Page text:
June 9, 1997 in Nation/World

Gop Backs Off Vow To Aid Elderly House Offers Kids Health Help, But Chops Medicare Proposal

New York Times

House Republicans offered a $16 billion plan to provide health care for uninsured children on Sunday, but they said they could not completely fulfill their promise to set aside $1.5 billion to help low-income elderly people pay health insurance premiums.

The Republicans said they had been unable to find all the money needed to keep that promise, which is part of the bipartisan budget agreement reached last month by President Clinton and congressional leaders.

The agreement said Congress would provide $1.5 billion in the next five years “to ease the impact of increasing Medicare premiums on low-income beneficiaries.”

But House Republicans said Sunday that they had found only $400 million for this purpose. That is the amount in legislation the House Commerce Committee expects to approve this week.

To provide any more, the Republicans said, they would have had to take the money from hospitals.

The decision will affect three million elderly people with incomes 20 percent to 50 percent above the poverty level - that is, with annual incomes from $9,468 to $11,835.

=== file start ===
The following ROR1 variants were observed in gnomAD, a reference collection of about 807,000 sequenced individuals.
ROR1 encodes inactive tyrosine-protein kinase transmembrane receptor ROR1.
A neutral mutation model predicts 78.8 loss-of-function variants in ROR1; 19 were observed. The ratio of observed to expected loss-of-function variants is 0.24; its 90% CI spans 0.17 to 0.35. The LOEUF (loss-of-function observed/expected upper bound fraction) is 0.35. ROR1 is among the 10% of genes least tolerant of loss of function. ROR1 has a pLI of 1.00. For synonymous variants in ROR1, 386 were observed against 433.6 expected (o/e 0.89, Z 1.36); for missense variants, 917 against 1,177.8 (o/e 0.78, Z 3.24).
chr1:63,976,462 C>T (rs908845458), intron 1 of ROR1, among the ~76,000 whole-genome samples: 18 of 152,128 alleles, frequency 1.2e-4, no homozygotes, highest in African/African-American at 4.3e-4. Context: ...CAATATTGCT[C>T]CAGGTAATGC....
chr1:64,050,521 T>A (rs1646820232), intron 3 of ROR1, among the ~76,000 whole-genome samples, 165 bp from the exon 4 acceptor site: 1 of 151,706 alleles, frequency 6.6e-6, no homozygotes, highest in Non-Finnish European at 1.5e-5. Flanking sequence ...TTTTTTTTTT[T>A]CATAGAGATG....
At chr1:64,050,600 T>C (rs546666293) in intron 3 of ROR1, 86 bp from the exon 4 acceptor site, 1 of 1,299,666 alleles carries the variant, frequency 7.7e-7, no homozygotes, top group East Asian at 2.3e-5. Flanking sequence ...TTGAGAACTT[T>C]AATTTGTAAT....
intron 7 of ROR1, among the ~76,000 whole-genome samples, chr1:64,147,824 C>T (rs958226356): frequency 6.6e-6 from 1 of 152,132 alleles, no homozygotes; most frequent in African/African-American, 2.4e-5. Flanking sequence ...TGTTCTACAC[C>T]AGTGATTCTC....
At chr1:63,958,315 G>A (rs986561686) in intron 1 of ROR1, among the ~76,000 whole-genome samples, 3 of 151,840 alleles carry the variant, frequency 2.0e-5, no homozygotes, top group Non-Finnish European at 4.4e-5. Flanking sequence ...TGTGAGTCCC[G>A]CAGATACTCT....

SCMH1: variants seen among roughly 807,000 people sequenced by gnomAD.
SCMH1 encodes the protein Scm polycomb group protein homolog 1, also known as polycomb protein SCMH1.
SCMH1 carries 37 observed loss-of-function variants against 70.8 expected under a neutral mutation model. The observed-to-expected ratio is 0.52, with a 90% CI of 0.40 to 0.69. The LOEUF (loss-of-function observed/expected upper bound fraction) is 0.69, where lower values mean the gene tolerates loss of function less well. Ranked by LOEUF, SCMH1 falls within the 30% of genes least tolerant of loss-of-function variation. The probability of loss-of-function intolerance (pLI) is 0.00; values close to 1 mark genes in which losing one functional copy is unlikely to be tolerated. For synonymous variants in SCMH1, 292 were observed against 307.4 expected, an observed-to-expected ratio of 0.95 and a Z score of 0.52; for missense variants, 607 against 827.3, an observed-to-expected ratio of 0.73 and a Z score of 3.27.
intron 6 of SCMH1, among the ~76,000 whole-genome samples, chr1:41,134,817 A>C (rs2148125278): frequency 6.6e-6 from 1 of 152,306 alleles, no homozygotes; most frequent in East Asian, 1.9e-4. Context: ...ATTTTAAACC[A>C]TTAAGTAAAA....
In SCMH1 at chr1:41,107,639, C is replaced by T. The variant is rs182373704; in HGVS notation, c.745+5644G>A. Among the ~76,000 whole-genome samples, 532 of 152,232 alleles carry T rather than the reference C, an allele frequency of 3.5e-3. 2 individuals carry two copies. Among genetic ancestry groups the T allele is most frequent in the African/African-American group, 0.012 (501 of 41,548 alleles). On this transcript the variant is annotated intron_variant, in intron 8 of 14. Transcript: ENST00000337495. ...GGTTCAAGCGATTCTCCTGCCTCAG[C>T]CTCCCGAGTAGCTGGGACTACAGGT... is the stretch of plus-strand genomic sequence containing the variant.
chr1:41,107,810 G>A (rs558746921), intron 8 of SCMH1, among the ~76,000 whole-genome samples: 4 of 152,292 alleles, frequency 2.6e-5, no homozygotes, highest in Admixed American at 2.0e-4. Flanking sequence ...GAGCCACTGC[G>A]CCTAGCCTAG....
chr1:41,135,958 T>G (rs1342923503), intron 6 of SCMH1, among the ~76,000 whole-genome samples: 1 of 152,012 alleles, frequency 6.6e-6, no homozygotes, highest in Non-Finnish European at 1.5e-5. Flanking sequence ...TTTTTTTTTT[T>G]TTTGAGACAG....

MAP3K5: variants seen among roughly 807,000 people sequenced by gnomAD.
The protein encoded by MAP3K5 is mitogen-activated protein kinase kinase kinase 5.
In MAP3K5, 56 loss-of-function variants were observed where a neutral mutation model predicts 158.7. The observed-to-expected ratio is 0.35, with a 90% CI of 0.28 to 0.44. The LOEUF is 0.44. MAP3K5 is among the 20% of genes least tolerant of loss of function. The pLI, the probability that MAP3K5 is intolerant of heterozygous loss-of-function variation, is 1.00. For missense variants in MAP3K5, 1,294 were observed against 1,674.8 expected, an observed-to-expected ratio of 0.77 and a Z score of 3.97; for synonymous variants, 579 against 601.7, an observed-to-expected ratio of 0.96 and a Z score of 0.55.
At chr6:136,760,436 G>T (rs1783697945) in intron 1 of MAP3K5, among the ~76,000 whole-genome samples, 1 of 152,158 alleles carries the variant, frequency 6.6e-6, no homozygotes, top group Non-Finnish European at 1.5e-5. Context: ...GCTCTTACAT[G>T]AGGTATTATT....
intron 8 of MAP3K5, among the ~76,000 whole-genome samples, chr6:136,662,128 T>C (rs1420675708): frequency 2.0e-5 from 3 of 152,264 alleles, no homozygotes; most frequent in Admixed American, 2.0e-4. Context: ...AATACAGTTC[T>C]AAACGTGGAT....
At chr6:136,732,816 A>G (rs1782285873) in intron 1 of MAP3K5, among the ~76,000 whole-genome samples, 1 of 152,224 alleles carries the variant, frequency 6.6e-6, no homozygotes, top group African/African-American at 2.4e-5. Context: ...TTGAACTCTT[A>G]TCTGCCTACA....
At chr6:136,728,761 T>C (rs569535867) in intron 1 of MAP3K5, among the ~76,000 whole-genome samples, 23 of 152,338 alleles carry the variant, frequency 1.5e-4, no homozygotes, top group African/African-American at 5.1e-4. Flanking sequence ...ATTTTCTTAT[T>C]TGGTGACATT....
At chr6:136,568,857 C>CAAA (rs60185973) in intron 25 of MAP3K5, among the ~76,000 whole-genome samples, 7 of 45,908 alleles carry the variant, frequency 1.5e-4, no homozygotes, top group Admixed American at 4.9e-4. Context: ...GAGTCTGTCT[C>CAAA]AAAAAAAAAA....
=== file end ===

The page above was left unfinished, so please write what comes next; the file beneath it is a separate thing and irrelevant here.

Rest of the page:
Under the “child health assistance program” proposed by House Republicans, the government would make grants to the states totaling $2.6 billion a year. The money would be distributed according to each state’s number of uninsured children and level of health costs. States would have wide latitude in spending.

Besides providing these grants to the states, House Republicans would guarantee continued Medicaid eligibility for disabled children losing coverage under the 1996 welfare law.

These children will still lose the cash benefits they receive under the Supplemental Security.

Lobbyists and other advocates for the elderly expressed varying degrees of annoyance and anger at the Republicans’ decision on Medicare.

Howard Bedlin, vice president of the National Council on the Aging, said: “They could find the money if they were committed to protecting low-income beneficiaries. We will hold their feet to the fire.”

Chris Jennings, a White House aide, said two features of the Republican bill, as now drafted, would violate the budget agreement.

Jennings said it was essential that Congress provide the full $1.5 billion for low-income elderly people.

In addition, he said he was distressed by a provision of the Republican bill that would bar federal grants to the states for children’s health insurance after 2002.

“That’s absolutely inconsistent with the budget agreement.”

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